Importantly, a landlord’s ability to require a tenant to carry out ESM works will not displace a landlord’s obligations as building owner under the Building Act. Therefore, a landlord can still be liable for non-compliance under the Building Act notwithstanding that its tenant is responsible for carrying out the relevant ESM works under its retail lease.

However, these amendments will not permit a landlord to recover outgoings in respect of ESM works which were payable prior to the commencement of the Bill.

2. Earlier provision of disclosure statements – landlords will be required to provide a disclosure statement and copy of a proposed retail lease (incorporating the proposed tenant’s name, rent and term), at least 14 days prior to the date that the parties enter into the retail lease. The RLA currently requires this to be done 7 days before the parties enter into a retail lease.

3. Return of security deposits – landlords will be required to return security deposits to a tenant within 30 days after the end of the retail lease, except where a landlord is otherwise entitled to retain the security deposit (for example, if the tenant is in breach).

4. Landlord notice of further term – at least 3 months before the last date for a tenant to exercise its option for a further term, the landlord must give the tenant notice of that date and other prescribed information (including the rent that will be payable for the first 12 months of the renewed lease). Currently, the RLA requires such notice to be given between 6 – 12 months prior to the last date for the tenant to exercise its option, and the notice is not required to specify the proposed rent. A failure to provide such notice will result in the option date being extended until 3 months after the date that the landlord provides the notice.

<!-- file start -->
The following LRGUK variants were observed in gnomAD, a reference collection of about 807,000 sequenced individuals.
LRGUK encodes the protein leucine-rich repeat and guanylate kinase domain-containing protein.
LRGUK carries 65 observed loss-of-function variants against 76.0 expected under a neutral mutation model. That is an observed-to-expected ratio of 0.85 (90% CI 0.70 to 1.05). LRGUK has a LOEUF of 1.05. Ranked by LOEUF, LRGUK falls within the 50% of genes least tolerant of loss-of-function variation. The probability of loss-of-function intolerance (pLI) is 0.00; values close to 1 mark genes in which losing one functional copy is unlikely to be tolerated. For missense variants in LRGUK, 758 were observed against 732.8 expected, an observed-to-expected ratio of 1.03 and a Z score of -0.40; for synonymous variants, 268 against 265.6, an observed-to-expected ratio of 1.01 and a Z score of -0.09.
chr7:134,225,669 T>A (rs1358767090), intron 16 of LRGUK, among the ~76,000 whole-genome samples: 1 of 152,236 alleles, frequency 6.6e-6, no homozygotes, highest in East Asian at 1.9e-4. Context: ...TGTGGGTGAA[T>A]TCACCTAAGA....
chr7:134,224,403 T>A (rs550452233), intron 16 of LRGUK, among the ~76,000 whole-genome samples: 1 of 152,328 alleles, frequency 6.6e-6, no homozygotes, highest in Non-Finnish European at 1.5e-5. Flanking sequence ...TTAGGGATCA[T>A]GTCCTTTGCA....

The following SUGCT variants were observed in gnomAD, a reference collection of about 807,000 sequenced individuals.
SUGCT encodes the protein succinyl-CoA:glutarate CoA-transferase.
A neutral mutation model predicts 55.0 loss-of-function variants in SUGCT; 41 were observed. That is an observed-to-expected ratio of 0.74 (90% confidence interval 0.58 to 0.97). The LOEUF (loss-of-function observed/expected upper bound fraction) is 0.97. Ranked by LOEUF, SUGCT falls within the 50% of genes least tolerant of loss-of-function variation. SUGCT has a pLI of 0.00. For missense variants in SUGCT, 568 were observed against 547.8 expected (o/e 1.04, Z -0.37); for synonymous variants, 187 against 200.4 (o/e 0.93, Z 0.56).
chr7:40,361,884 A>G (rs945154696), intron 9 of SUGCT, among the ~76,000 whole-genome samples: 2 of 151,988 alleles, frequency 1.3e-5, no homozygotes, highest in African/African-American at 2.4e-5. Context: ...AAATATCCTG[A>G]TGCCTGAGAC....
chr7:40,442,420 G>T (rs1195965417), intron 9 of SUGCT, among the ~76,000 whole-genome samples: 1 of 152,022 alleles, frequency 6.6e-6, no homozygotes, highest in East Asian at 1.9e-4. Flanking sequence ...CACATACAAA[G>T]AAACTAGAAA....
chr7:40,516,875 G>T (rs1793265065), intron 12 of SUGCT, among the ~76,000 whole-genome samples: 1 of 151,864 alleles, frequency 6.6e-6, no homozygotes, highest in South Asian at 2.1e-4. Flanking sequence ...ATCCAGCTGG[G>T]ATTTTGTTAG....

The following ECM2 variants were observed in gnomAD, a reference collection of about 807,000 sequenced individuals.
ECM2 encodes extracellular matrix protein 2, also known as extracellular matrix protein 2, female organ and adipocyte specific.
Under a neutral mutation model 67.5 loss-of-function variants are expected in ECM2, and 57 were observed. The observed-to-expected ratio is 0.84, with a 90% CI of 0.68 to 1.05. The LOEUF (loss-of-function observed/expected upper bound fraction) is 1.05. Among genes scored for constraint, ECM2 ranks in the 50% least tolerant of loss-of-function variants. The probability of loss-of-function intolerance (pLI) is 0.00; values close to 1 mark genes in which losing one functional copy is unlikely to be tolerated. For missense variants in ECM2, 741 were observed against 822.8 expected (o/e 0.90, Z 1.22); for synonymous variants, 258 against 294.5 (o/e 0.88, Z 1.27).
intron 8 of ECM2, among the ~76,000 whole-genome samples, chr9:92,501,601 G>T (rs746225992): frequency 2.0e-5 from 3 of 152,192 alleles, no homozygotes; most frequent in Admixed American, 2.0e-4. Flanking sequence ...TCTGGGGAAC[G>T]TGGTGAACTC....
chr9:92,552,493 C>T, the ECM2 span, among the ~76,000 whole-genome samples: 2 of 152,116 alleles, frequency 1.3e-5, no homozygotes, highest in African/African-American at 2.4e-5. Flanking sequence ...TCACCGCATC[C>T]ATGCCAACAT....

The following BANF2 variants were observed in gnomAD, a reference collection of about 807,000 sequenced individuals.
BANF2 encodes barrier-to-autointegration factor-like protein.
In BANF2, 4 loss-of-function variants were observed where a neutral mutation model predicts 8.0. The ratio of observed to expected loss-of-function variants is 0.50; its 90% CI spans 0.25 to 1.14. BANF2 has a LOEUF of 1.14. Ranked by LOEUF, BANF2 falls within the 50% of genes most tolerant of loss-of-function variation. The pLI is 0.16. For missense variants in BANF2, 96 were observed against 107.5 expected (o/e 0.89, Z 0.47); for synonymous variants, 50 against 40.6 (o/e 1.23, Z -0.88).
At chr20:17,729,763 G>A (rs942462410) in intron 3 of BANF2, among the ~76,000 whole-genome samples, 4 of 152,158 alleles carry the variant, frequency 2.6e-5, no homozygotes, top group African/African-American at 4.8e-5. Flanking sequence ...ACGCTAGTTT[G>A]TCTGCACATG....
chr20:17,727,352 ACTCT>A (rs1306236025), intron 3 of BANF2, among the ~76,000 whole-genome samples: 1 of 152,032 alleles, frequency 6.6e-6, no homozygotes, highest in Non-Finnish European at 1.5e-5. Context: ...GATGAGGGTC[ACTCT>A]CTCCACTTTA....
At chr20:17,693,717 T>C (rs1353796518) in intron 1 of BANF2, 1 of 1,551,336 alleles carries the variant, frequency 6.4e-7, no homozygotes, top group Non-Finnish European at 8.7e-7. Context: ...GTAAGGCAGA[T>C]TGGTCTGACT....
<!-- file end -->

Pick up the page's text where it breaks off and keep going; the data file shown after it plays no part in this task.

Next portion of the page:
5. Early rent review – if a retail lease provides for a market rent review at the commencement of a further term, the tenant may request a review of the landlord’s proposed rent, within 28 days after the landlord provides a renewal notice (that is, before the end of the current term and before it is required to exercise its option). The tenant’s option period will also be extended until 14 days after the date that the reviewed market rent is determined.

6. Cooling off – if a retail lease provides for a market rent review at the commencement of a further term, and a tenant exercises its option to renew without requesting an early rent review, that tenant will be entitled to a 14-day cooling off period after it exercises its option within which it may advise the landlord that it no longer wishes to renew.

We will continue to monitor the progress of the Bill through the Houses of Parliament and provide an update once it has received Royal Assent.

In the meantime, if you have any queries or require more detailed advice on the implications of the Bill, please contact the authors or key contacts.

AUTHORS
Jonathon Meehan | Senior Associate
+61 3 9258 3015
Jonathon.Meehan@maddocks.com.au

Guy O’Connor | Partner
+61 3 9258 3522
Guy.OConnor@maddocks.com.au